Polar stratospheric clouds (PSCs), also known as nacreous clouds, are clouds in the winter polar stratosphere at altitudes of 15,000–25,000 metres (50,000–80,000 ft). They are implicated in the formation of ozone holes; their effects on ozone depletion arise because they support chemical reactions that produce active chlorine which catalyzes ozone destruction, and also because they remove gaseous nitric acid, perturbing nitrogen and chlorine cycles in a way which increases ozone destruction.
The stratosphere is very dry; unlike the troposphere, it rarely allows clouds to form. In the extreme cold of the polar winter, however, stratospheric clouds of different types may form, which are classified according to their physical state and chemical composition.
Due to their high altitude and the curvature of the surface of the Earth, these clouds will receive sunlight from below the horizon and reflect it to the ground, shining brightly well before dawn or after dusk.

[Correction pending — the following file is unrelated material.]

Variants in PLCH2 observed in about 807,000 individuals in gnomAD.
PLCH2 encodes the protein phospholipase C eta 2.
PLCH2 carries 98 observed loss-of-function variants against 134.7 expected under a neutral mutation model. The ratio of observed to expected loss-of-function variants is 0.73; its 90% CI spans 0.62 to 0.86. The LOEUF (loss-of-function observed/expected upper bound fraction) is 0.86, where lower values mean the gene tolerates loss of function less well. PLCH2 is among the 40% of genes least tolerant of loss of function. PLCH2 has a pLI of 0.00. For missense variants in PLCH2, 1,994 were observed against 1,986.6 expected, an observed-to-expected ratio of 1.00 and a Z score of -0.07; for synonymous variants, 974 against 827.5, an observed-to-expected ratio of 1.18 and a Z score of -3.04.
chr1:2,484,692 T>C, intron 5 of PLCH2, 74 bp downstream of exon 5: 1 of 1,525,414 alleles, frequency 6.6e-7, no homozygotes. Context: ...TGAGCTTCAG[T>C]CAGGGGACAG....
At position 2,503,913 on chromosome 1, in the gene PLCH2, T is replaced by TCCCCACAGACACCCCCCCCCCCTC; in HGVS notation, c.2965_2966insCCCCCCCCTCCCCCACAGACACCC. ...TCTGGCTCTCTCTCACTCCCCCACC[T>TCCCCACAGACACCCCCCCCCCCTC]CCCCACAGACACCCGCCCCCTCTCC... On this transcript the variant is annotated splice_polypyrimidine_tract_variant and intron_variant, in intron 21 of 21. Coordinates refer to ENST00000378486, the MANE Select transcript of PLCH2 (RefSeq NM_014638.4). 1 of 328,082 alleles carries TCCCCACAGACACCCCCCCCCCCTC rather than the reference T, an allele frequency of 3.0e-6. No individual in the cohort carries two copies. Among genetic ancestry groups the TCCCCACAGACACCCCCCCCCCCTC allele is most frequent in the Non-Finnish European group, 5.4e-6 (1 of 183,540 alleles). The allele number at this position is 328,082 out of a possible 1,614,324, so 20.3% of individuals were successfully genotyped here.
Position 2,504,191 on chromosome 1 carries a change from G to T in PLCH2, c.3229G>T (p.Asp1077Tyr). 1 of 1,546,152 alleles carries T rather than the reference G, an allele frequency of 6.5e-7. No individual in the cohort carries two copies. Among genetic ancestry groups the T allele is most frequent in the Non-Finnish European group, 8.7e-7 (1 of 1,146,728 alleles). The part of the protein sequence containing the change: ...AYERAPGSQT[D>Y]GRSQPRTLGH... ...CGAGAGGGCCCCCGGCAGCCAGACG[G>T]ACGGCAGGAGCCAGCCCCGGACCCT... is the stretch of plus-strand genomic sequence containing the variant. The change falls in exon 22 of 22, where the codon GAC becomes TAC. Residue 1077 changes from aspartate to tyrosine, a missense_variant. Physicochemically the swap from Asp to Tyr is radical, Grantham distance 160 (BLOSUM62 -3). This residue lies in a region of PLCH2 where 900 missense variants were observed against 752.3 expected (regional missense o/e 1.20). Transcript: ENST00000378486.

PSCs form at very low temperatures, below −78 °C. These temperatures can occur in the lower stratosphere in polar winter. In the Antarctic, temperatures below −88 °C frequently cause type II PSCs. Such low temperatures are rarer in the Arctic. In the Northern hemisphere, the generation of lee waves by mountains may locally cool the lower stratosphere and lead to the formation of PSCs.
Types of PSC Edit
PSCs are classified into three types Ia, Ib and II according to their chemical composition.
- Type I clouds contain nitric acid and water.
- Type Ia clouds consist of crystals formed from nitric acid and water.
- Type Ib cloud droplets additionally contain sulfuric acid and are present in the form of supercooled ternary solution.
- Type II clouds consist of water ice only.
See also Edit
|Wikimedia Commons has media related to: Polar stratospheric cloud|
- Nacreous Clouds at atoptics.co.uk
- Polar Stratospheric Clouds Above Spitsbergen at Alfred Wegener Institute